|Želi ovaj predmet:||2|
|Stanje:||Polovan bez oštećenja|
|Plaćanje:||Plaćanje pre slanja (Ostalo)
Godina izdanja: Ostalo
veoma dobro stanje, bez ostecenja
Autor: Martin Urban, Postavka izložbe i tekst u katalogu
Naziv: Emil Nolde – Katalog izložbe u
Muzeju savremene umetnosti - 20.12.78 do 15.02.79.
Izdavač: Stiftung Seebull Ada und Emil Nolde
Jezik: Dvojezično izdanje-srpskohrvatsko-nemačko
Opis: Ilustrovano sa 56 reprodukcija izloženih dela
Od toga 12 tabli u punom koloru
Stanje: Odlično, Nekorišćena
Knjiga predstavlja katalog jedne od značajnijih izložbi održane u sada već zaboravljenom Muzeju savremene umetnosti (koji se “obnavlja” već punu deceniju).
Na izložbi su se mogla videti 166 dela značajnog umetnika Emila Noldea.
U katalogu je reprodukovano 56 radova od kojih 12 u punom koloru.
Postavku je osmislio i tekst u katalogu napisao Martin Urban, tadašnji direktor Noldeovog muzeja u Seebull-u, mestu gde je umetnik živeo od 1939. do 1945.
Tekst sadrži dve celine
Delo slikara Emila Noldea i
Emil Nolde-biografski pregled
Kraći predgovor napisao je Miodrag B. Protić dugogodišnji direktor i
osnivač Muzeja savremene umetnosti.
Emil Nolde (born Emil Hansen; 7 August 1867 – 13 April 1956) was a German-Danish painter and printmaker. He was one of the first Expressionists, a member of Die Brücke, and was one of the first oil painting and watercolor painters of the early 20th century to explore color. He is known for his brushwork and expressive choice of colors. Golden yellows and deep reds appear frequently in his work, giving a luminous quality to otherwise somber tones. His watercolors include vivid, brooding storm-scapes and brilliant florals.
Nolde`s intense preoccupation with the subject of flowers reflects his continuing interest in the art of Vincent van Gogh.
Emil Nolde was born as Emil Hansen near the village of Nolde (since 1920 part of the municipality of Burkal in Southern Jutland, Denmark), in the Prussian Duchy of Schleswig. He grew up on a farm. His parents, devout Protestants, were Frisian and Danish peasants. He realized his unsuitability for farm life and that he and his three brothers were not at all alike. Between 1884 and 1891, he studied to become a carver and illustrator in Flensburg, and worked in furniture factories as a young adult. He spent his years of travel in Munich, Karlsruhe and Berlin.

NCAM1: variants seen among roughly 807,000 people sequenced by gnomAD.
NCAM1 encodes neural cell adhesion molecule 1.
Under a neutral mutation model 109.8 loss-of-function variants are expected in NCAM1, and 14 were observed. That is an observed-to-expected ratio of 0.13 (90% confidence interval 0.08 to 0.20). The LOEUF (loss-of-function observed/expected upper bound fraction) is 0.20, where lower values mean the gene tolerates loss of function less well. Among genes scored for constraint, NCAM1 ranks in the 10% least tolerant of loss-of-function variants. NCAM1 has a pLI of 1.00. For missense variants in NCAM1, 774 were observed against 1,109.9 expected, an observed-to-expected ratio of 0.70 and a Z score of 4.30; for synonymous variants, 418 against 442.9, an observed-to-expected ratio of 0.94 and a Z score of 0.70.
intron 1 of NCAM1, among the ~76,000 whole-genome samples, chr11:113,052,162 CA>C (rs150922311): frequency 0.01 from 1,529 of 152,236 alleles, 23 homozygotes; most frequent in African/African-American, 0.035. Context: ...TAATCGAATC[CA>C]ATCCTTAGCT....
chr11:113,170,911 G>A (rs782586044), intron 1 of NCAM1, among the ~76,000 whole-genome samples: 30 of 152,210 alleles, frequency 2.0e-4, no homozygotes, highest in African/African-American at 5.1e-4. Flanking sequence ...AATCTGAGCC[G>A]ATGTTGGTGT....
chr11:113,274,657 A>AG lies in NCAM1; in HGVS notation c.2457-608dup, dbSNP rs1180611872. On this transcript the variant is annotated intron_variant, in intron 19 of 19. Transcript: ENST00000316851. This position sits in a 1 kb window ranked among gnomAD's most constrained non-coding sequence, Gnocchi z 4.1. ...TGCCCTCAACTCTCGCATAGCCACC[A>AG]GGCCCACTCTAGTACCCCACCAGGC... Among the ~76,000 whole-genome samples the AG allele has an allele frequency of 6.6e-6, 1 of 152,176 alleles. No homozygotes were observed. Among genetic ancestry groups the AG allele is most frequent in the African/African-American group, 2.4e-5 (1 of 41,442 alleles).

In 1889, he gained entrance into the School of Applied Arts in Karlsruhe. From 1892 to 1898 he was a drawing instructor at the school of the Museum of Industrial and Applied Arts (Industrie- und Gewerbemuseum; today the Textilmuseum, or Textile Museum) in St. Gallen, Switzerland. He eventually left this job to finally pursue his dream of becoming an independent artist. As a child he had loved to paint and draw, but he was already 31 by the time he pursued a career as an artist. When he was rejected by the Munich Academy of Fine Arts in 1898, he spent the next three years taking private painting classes, visiting Paris, and becoming familiar with the contemporary impressionist scene that was popular at this time. He married Danish actress Ada Vilstrup in 1902 and moved to Berlin, where he would meet collector Gustav Schiefler and artist Karl Schmidt-Rottluff, both of whom would advocate his work later in life.
He became a member of the revolutionary expressionist group Die Brücke (The Bridge), of Dresden, in 1906, upon the group`s invitation. This association lasted only until the end of the following year. From 1908 to 1910 he was a member of the Berlin Secession, before being excluded in 1910 due to a disagreement with the leadership. In 1912 he exhibited with Kandinsky’s Munich-based group Der Blaue Reiter (The Blue Rider); he had achieved some fame by this time and was able to support himself through his art. From 1902 he called himself after his birthplace.
Nolde was a supporter of the Nazi party from the early 1920s, having become a member of its Danish section. He expressed anti-semitic, negative opinions about Jewish artists, and considered Expressionism to be a distinctively Germanic style. This view was shared by some other members of the Nazi party, notably Joseph Goebbels and Fritz Hippler. .
However Hitler rejected all forms of modernism as `degenerate art`, and the Nazi regime officially condemned Nolde`s work. Until that time he had been held in great prestige in Germany. A total of 1,052 of his works were removed from museums, more than those of any other artist. Some were included in the Degenerate Art exhibition of 1937, despite his protests, including (later) a personal appeal to Nazi gauleiter Baldur von Schirach in Vienna. He was not allowed to paint—even in private—after 1941. Nevertheless, during this period he created hundreds of watercolors, which he hid. He called them the `Unpainted Pictures`.
In 1942 Nolde wrote:
There is silver blue, sky blue and thunder blue. Every color holds within it a soul, which makes me happy or repels me, and which acts as a stimulus. To a person who has no art in him, colors are colors, tones tones...and that is all. All their consequences for the human spirit, which range between heaven to hell, just go unnoticed.
After World War II, Nolde was once again honored, receiving the German Order of Merit, West Germany`s highest civilian decoration. He died in Seebüll (now part of Neukirchen).
Apart from paintings, Nolde`s work includes many prints, often in color, and watercolor paintings of varied subjects (landscapes, religious images, flowers, stormy seas and scenes from Berlin nightlife). A famous series of paintings covers the German New Guinea Expedition, visiting the South Seas, Moscow, Siberia, Korea, Japan, and China. The Schiefler Catalogue raisonné of his prints describes 231 etchings, 197 woodcuts, 83 lithographs, and 4 hectographs
ekspresionisticko slikarstvo, plavi jahac, kandinski, die bricke...